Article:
I have a FM3, I have lived here for 10 years and have a FM3 I believe for 8 years, I would like to have permanent residency, under FM2 one was required to have and drive only a Mexican plated vehicle and be fluent in Spanish which kept me from applying for the FM2 status. If the rules are not as strict do you know if they will consider back years and what are the requirements satisfying the permanent residency requirements? If there is a read I would love to have access to it.
Thank you in advance.
The prohibition of owning or operating foreign plated vehicles only applies to those who have declared “Inmigrado” will be the “permanent resident”. It has never been a requirement to speak Spanish unless one was applying for citizenship.
We understand that you can still apply under the current Inmigrante (FM2) “Rentista” category with a foreign plated vehicle. Inmigrante Familiar and other Inmigrante categories are not allowed to keep foreign plated vehicles here. There is no hint as to how this will work under the new Permanent Resident and Temporary Resident categories. I would GUESS that the new Temporary Resident (4 year period) category would fit your situation. This is one of those issues that will not be resolved until the Regulaciones come out, and INM figures out how they want to apply them.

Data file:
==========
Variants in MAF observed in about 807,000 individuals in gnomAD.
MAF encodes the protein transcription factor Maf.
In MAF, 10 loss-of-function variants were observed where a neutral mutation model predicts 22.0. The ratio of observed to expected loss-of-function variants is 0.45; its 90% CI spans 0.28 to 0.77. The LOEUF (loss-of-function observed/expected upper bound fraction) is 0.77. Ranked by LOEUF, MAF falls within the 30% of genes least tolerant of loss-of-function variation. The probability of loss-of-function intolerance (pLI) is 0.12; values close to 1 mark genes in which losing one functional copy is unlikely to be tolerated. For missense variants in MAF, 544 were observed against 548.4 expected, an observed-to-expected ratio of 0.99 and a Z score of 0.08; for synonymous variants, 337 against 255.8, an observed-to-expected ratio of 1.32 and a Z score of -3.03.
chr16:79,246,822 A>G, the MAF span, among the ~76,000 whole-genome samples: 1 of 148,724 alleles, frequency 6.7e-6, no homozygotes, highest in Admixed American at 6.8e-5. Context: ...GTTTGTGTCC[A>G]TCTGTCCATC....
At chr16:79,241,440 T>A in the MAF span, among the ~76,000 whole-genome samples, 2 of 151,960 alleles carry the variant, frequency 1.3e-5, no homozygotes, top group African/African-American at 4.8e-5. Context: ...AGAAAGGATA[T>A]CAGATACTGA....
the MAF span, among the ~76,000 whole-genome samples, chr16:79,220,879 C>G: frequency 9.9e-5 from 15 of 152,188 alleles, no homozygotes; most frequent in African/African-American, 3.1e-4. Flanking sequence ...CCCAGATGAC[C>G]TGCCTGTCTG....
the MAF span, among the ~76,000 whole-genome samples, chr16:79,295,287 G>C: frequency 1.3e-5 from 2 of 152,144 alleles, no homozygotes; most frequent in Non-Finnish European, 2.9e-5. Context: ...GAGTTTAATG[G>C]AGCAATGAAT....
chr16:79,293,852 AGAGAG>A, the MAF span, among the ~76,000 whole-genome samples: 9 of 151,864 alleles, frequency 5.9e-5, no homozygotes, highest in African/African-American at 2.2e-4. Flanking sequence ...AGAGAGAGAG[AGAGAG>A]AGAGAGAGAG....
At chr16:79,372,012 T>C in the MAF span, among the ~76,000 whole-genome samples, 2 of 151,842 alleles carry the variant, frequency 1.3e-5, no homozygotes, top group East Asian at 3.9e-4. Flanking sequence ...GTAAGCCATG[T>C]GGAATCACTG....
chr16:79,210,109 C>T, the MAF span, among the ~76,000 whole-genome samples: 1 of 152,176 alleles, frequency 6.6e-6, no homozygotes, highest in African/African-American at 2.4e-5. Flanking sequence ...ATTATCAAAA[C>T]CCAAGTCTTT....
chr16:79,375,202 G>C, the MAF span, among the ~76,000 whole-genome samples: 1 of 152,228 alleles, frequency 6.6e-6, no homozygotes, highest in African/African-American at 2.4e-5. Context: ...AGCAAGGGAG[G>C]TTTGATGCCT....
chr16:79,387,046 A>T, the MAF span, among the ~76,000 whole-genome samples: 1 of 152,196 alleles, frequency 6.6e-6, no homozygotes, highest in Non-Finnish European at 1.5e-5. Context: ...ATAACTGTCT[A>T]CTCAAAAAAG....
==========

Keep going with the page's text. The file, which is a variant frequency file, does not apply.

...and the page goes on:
Best of luck,
I posted this article on another site and the following was the response. I have no dog in this fight and haven’t read the law it self yet but what would you respond? TIA
“That article isn’t fully accurate. FM2s and FM3s have been gone since last year when they started issuing the ID cards. Now we have FM-Is (former FM2s) and FM-NIs (former FM3s). Doing away with FM2s and FM3s isn’t part of the new law.
And as I understand it the new Residente Temporal is going to cover people who are No-Inmigrante (former FM3 holders). People with Inmigrante statuse (former FM2 holders) will be covered by Residente Permanente.
That article is going to confuse more than help, it’s just wrong.”
Thanks for the info. Everybody is entitled to an opinion.
The Diario Oficial website includes some special sub-descriptions that describe items applicable to many ex-pats. These items live after Article 162 in Title 8, “Transitorios” Section
On the issue of “Permanente Residente” / old “Inmigrado”, the new law reads:
“Transitorios, Sexto: VI. Los extranjeros que hayan obtenido la calidad migratoria de inmigrado, se equipararán al Residente permanente. ”